mistletoe

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vis·cum

(vis'kŭm),
1. The berries of Viscum album (family Loranthaceae), a parasitic plant growing on apple, pear, and other trees; has been used as an oxytocic. Synonym(s): mistletoe
2. Herbage of Phoradendron flavescens, American mistletoe; has been used as an oxytocic and emmenagoque.

mistletoe

(mĭs′əl-tō′)
n.
1. Any of various semiparasitic plants of the order Santalales that grow on the branches of other plants, especially Viscum album of Eurasia and Phoradendron leucarpum of North America, both of which have leathery evergreen leaves and waxy white berries. Extracts of the Eurasian species are sometimes used for medicinal purposes.
2. A sprig of mistletoe, often used as a Christmas decoration.

mistletoe

(1) American mistletoe, see there; Phoradendron jlavescens.  
(2) European mistletoe (Viscum alhum), a parasitic evergreen plant that has been used for hypertension and cancer.
 
Toxicity
Mistletoe is poisonous; the FDA lists it as unsafe and does not approve its use.
References in periodicals archive ?
Dwarf mistletoes are characterized by their relatively small aerial shoots and scale-like leaves.
A number of factors can affect the spatial distribution of mistletoes. Primary among these is host plant distribution.
Results: Extracts from mistletoes harvested from Malus, Populus, Quercus or Tilia trees contain glucose, galactose, mannose, fructose, ribose as main monosaccharides as well as different inositols.
Consider the recent announcement of a new species of mistletoe - encouraging news for holiday season smoochers.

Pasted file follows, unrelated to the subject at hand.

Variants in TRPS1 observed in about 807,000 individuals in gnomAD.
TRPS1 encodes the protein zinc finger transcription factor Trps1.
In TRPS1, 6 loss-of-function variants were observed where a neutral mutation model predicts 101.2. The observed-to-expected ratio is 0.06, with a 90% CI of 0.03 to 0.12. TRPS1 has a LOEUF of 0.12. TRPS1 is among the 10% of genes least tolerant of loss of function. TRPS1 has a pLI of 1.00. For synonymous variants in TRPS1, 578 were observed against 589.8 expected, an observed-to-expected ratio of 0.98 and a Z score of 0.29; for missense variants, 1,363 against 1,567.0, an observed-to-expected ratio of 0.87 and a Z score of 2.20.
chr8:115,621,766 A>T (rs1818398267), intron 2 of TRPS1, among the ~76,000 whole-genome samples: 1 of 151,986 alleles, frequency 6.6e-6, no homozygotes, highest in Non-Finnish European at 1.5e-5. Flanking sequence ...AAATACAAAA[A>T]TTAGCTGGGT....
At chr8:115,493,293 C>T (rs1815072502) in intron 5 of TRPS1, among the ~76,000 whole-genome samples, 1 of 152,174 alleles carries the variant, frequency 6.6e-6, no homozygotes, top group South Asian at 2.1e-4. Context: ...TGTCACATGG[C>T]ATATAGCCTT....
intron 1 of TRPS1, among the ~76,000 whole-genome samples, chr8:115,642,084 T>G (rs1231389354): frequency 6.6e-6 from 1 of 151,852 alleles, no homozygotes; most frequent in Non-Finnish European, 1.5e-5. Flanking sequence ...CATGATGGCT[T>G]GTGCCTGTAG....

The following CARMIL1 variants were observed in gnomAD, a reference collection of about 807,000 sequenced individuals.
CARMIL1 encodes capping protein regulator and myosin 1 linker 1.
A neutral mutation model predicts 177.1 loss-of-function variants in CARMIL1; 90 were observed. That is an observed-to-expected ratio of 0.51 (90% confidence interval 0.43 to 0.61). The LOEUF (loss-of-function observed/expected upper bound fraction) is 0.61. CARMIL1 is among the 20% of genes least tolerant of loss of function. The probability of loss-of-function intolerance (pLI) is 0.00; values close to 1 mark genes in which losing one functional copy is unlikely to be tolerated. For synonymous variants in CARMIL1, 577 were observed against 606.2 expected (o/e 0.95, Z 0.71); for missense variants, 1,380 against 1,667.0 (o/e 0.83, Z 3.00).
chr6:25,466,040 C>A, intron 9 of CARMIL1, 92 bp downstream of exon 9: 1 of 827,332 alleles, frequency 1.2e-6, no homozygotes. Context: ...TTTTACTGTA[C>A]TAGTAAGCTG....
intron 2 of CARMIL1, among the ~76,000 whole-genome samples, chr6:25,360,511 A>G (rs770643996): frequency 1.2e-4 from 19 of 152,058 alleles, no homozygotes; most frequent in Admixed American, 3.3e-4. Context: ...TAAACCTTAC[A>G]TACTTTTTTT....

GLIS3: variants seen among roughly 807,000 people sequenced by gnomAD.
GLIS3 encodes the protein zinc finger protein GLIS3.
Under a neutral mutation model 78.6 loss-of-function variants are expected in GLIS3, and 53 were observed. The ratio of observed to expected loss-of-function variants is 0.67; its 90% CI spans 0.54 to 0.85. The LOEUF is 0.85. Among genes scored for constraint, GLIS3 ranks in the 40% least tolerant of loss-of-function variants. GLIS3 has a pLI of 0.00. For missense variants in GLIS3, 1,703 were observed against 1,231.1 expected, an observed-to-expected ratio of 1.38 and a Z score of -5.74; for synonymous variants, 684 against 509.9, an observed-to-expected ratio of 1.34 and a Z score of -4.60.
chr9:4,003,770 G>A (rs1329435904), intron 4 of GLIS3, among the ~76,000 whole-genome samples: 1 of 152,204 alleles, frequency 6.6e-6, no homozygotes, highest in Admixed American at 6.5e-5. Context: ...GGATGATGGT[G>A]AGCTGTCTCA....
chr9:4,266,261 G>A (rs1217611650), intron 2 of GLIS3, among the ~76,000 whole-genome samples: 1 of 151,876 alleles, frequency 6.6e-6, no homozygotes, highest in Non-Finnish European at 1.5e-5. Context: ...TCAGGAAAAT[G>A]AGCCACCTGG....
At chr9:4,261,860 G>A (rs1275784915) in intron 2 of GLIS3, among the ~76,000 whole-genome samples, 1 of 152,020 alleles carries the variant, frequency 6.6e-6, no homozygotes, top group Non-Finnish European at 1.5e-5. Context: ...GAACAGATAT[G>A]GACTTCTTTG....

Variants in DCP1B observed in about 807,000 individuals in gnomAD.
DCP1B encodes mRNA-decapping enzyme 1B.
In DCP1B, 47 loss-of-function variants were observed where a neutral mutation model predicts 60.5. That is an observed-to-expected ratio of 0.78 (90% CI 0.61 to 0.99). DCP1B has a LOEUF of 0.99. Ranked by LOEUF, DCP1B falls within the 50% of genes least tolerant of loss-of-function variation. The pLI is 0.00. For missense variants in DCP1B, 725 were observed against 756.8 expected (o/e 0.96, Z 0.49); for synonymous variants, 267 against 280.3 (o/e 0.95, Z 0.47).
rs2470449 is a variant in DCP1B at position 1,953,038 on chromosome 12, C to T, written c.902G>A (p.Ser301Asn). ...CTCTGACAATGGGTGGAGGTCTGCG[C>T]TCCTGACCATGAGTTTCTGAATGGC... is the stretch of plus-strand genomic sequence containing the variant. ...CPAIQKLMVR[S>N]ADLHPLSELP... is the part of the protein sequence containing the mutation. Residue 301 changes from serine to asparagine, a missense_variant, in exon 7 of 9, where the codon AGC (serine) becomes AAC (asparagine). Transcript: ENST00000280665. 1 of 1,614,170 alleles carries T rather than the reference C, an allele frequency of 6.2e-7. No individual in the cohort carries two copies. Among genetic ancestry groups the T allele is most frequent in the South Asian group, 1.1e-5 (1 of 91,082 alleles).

ABSTRACT : This study was designed to develop microencapsulated Korean mistletoe extract, to determine the stability in vitro and to examine its application in milk.
It is likely that the heavy foliage of trees during the rainy season had a masking effect on the mistletoes and hence the lower record of incidence of mistletoe than the dry season.
English mistletoe has long been the foliage of choice for those looking to embark on one of the enduring traditions of Christmas.
All mistletoes are parasitic shrubs, generally rooting in crevices in the bark of trees, though one tiny species, Viscum minimum, grows on the roots and stems of euphorbias.
The fact is, not all mistletoes in the United States are created equal, and few if any are entirely harmless.
Often dismissed as the parasitic kiss of death, mistletoes turn out to form complex relationships with their trees, sometimes fostering new life.
Mistletoes are found in one of four biological families within the order Santales; Misodendraceae, Loranthaceae, Viscaceae and Eremolepidaceae.
Methods: The study was performed with mistletoes from extensively site characterized Scots Pine stands in Germany and Switzerland.